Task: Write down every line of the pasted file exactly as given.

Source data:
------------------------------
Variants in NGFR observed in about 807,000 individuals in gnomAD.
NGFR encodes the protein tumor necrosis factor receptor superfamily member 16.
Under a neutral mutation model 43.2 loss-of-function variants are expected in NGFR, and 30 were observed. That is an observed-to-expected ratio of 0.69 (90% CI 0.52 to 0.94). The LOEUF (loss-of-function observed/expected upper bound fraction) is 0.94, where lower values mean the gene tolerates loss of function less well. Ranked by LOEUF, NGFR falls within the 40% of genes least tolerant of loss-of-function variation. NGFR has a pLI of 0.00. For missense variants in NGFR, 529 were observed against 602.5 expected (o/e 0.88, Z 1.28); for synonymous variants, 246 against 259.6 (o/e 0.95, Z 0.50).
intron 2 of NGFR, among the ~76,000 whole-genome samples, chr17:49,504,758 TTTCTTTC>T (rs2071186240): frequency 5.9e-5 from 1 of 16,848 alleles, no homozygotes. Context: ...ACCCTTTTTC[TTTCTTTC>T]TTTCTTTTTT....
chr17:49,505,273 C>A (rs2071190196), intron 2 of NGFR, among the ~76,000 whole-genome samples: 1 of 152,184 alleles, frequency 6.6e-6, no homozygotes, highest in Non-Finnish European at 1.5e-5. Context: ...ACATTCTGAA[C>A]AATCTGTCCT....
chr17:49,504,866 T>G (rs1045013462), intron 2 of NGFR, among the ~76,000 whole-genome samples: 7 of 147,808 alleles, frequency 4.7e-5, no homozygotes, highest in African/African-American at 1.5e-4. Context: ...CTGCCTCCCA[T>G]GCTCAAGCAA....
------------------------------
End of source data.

Variants in NGFR observed in about 807,000 individuals in gnomAD.
NGFR encodes the protein tumor necrosis factor receptor superfamily member 16.
Under a neutral mutation model 43.2 loss-of-function variants are expected in NGFR, and 30 were observed. That is an observed-to-expected ratio of 0.69 (90% CI 0.52 to 0.94). The LOEUF (loss-of-function observed/expected upper bound fraction) is 0.94, where lower values mean the gene tolerates loss of function less well. Ranked by LOEUF, NGFR falls within the 40% of genes least tolerant of loss-of-function variation. NGFR has a pLI of 0.00. For missense variants in NGFR, 529 were observed against 602.5 expected (o/e 0.88, Z 1.28); for synonymous variants, 246 against 259.6 (o/e 0.95, Z 0.50).
intron 2 of NGFR, among the ~76,000 whole-genome samples, chr17:49,504,758 TTTCTTTC>T (rs2071186240): frequency 5.9e-5 from 1 of 16,848 alleles, no homozygotes. Context: ...ACCCTTTTTC[TTTCTTTC>T]TTTCTTTTTT....
chr17:49,505,273 C>A (rs2071190196), intron 2 of NGFR, among the ~76,000 whole-genome samples: 1 of 152,184 alleles, frequency 6.6e-6, no homozygotes, highest in Non-Finnish European at 1.5e-5. Context: ...ACATTCTGAA[C>A]AATCTGTCCT....
chr17:49,504,866 T>G (rs1045013462), intron 2 of NGFR, among the ~76,000 whole-genome samples: 7 of 147,808 alleles, frequency 4.7e-5, no homozygotes, highest in African/African-American at 1.5e-4. Context: ...CTGCCTCCCA[T>G]GCTCAAGCAA....